Music: Franck Vigroux
Video: Kurt d`Haeseleer
Reviewer: Peter Jacobs
Presented as part of the The Lowry’s autumn programme of digital art, Centaure is a live performance by two European artists, who’s work is more usually seen within the international festival scene: French musician Franck Vigroux and Belgian video artist/filmmaker Kurt d’Haeseleer.
Centaure is a ‘postdigital road trip to a dystopic future’ promising a ‘world populated by cloned creatures and mutations of species that seem to have been rebuilt from contaminated DNA’. The show is essentially a highly-structured improvisation by both artists, following an agreed path but still responding to one another and incorporating that into a sinister digital world that spews from their machines into the darkness.
The video material – which is projected large onto the white back of the Quays stage – is constructed from footage filmed by d’Haeseleer over a number of years, some of it with thermal cameras. Non-linear and non-narrative, there are common themes and imagery – people, crowds, murmuration, traffic, urban landscapes – which are manipulated and distorted. Time and light is redefined, bodies are motionless or tormented, or explode into pixellation and reform: the universe appears to expand and contract like a beating heart. The visual images strobe between flesh and new digital empires, like millions of beetles spilling from a broken carapace. It’s like seeing the world through alien eyes, nothing entirely unfamiliar but everything that human eyes cannot register is revealed – the unseen world that is disguised by our feeble vision, the environmental contamination in which we are immersed unawares. Time, light, sound, structure are illusions. d’Haeseleer manipulates images to their digital limits and skilfully de- and reconstructs the debris with violent stillness.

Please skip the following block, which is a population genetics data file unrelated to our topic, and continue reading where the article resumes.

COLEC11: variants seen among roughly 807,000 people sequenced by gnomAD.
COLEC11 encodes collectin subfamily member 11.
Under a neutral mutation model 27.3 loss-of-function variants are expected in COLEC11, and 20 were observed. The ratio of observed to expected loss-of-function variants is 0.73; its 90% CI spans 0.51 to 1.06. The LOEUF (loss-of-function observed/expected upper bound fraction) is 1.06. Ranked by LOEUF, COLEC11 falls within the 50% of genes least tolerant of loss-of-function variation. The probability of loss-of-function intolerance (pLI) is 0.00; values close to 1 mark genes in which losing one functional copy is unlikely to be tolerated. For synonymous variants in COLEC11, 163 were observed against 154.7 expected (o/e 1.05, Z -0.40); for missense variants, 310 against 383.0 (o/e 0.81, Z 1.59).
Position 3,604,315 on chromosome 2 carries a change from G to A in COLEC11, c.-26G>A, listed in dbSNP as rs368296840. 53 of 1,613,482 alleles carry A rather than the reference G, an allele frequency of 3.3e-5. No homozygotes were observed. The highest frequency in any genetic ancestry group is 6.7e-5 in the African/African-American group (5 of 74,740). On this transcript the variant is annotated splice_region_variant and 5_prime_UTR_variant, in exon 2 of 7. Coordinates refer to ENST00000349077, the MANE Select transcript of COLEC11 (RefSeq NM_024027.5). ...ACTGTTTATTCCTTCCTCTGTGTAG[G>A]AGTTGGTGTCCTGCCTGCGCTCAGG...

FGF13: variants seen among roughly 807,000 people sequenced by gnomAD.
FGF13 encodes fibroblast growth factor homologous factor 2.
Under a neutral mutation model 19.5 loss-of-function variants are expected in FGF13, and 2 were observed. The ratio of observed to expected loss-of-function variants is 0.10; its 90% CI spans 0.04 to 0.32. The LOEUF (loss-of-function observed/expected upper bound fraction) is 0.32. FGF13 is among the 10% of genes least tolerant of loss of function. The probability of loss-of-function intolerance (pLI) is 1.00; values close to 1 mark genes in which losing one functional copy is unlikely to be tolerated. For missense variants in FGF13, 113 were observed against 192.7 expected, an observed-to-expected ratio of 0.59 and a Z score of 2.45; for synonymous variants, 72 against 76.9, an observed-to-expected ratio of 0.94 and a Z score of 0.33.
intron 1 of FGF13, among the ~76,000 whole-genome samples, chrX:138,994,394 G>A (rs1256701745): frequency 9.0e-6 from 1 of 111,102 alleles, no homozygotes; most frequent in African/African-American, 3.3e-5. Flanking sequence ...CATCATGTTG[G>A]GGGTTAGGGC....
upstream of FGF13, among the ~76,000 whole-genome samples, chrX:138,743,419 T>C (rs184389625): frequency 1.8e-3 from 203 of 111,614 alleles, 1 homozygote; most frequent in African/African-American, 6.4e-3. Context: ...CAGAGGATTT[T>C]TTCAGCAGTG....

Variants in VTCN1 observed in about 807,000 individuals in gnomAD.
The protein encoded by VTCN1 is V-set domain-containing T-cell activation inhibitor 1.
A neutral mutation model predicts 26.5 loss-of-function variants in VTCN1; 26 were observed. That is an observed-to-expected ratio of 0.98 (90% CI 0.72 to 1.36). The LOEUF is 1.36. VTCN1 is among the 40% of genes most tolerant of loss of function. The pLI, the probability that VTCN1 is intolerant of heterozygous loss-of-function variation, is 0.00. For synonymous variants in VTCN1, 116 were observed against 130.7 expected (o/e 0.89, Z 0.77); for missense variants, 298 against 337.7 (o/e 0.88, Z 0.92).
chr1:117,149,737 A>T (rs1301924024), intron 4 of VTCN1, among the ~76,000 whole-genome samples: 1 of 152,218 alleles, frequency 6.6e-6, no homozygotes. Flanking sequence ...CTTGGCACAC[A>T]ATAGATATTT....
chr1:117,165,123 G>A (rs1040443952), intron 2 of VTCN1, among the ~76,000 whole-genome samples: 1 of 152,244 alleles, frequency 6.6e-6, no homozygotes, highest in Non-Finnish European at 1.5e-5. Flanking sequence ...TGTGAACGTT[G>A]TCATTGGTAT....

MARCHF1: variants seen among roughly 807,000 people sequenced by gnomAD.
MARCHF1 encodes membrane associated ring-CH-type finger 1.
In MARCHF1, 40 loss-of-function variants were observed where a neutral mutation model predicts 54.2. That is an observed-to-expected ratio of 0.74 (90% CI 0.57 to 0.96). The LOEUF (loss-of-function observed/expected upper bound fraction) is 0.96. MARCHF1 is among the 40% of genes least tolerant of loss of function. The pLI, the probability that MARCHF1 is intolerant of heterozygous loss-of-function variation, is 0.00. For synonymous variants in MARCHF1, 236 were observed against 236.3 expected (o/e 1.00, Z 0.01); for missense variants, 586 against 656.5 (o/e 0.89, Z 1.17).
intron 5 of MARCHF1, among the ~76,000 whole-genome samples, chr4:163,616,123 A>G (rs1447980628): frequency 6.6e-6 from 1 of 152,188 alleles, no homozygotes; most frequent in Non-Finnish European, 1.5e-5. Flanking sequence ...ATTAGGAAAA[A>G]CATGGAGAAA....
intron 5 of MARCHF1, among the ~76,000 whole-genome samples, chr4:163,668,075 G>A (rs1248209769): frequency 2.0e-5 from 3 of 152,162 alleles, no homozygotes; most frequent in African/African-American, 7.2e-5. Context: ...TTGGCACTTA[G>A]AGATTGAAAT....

The accompanying musical soundscape is played entirely live without computers. Vigroux effortlessly creates an immense and varied industrial wash of deafening, structured white noise and beats, never quite melodic and never unlistenable. With his collaborator’s live video manipulation on a small screen in front of him, Vigroux responds instinctively to create a universe of sound that responds to the imagery. As with the visuals, it is somewhere between music and having everything your ears cannot process unleashed unfiltered into your cranium.
Part-gig, part-gallery installation, it is a shame The Lowry couldn’t have attracted a larger audience for Centaure. It is a quite remarkable and thought-provoking immersive sensory experience by two quietly charismatic artists working as one. But falling between show and digital art installation maybe made it a hard sell. There is a lot of work by both artists available online and it is worth exploring further.
Reviewed on 14th October 2017 | Image: Contributed